Russians celebrated their nation’s heroic WWII victory over fascism Sunday with a parade and ceremonies in Moscow.
Two years ago Russian leader Vladimir Putin revived a Soviet-era tradition of parading tanks, missiles and military vehicles across the square and flying aircraft overhead, according to Reuters–this year’s parade included 127 helicopters, fighters, bombers, reconnaissance aircraft and refueling planes which screamed over Red Square at low altitudes in close formation.
Ria Novosti featured the parade live on its website.
Voice of Russia proudly called this year’s parade ‘the most massive VE-Day parade in history.’
The Soviet Union suffered the most losses of any country during World War II, with nearly 8 million soldiers killed and 5 million wounded, along with millions of civilian deaths.
Russian forces engaged military contingents from Nazi Germany, Italy, and Romania, as it successfully repulsed invasion on a broad front.
The war on the Russian front involved massive troop concentrations and the largest tank battles in history.
(AP Photo/Misha Japaridze)
Victory Day parades involving military hardware were held this year in 36 Russian cities, Ria Novosti reported.
Russian President Dmitry Medvedev struck a conciliatory note at the military parade on Sunday, according to Reuter’s, urging world powers to unite for peace and defending his decision to invite NATO troops to march on Red Square.
Troops from the United States, France, and England marched alongside Russian soldiers, sailors, airmen, and veterans for the first time in the Victory Day Parade.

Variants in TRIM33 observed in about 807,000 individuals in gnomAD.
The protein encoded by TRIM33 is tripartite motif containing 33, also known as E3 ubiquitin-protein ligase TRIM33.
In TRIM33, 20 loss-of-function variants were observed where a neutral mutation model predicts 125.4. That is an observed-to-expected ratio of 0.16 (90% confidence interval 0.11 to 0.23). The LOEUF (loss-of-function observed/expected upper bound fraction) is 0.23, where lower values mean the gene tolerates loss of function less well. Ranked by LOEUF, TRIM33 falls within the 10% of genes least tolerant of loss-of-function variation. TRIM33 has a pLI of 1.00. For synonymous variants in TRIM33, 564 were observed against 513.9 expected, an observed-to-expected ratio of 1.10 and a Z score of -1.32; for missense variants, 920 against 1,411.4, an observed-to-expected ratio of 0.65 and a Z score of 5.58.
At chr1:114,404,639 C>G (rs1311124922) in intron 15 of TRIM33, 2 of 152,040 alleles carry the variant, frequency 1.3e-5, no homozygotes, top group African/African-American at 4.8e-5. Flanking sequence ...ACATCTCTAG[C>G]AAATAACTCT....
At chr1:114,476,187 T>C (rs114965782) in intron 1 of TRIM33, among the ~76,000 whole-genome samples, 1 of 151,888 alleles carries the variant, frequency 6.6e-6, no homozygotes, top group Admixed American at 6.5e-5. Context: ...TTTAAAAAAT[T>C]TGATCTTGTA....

Not all Russians were in favor of allowing NATO troops to parade, although Reuters reports a poll by the independent Levada Center last month showed that 55 percent of Russians were wholly or partly positive about NATO troops at the parade, with only 28 percent against.
“We veterans were against this from the beginning,” said one former naval officer, quoted by Reuters, who declined to give his name.
“The Americans have their interests everywhere, even in our country. Remember when Madeleine Albright said it was not fair that all of Siberia belonged to Russia ?”
Russian bus with picture of Stalin (AP Photo/Dmitry Lovetsky)
The first Victory Parade was held on Red Square on June 24, 1945 on the order of the then-Supreme Commander-in-Chief, Joseph Stalin, according to Ria Novosti.
In a proposal by Moscow Mayor Yuri Luzhkov, Victory Day celebrations were to have been accompanied by posters of Soviet dictator Josef Stalin on city streets, according to a Voice of America article–the Kremlin prohibited the move, however, relegating Stalin to a few indoor locations out of reach of graffiti artists who may have defaced his image.
Communists supported Luzhkov, according to VOA, but opponents condemn the dictator for repressing and killing millions of Soviet citizens.
There is an AP photo of a defaced bus in the attached slide show, in addition to photos of the impressive celebration and ceremonies.
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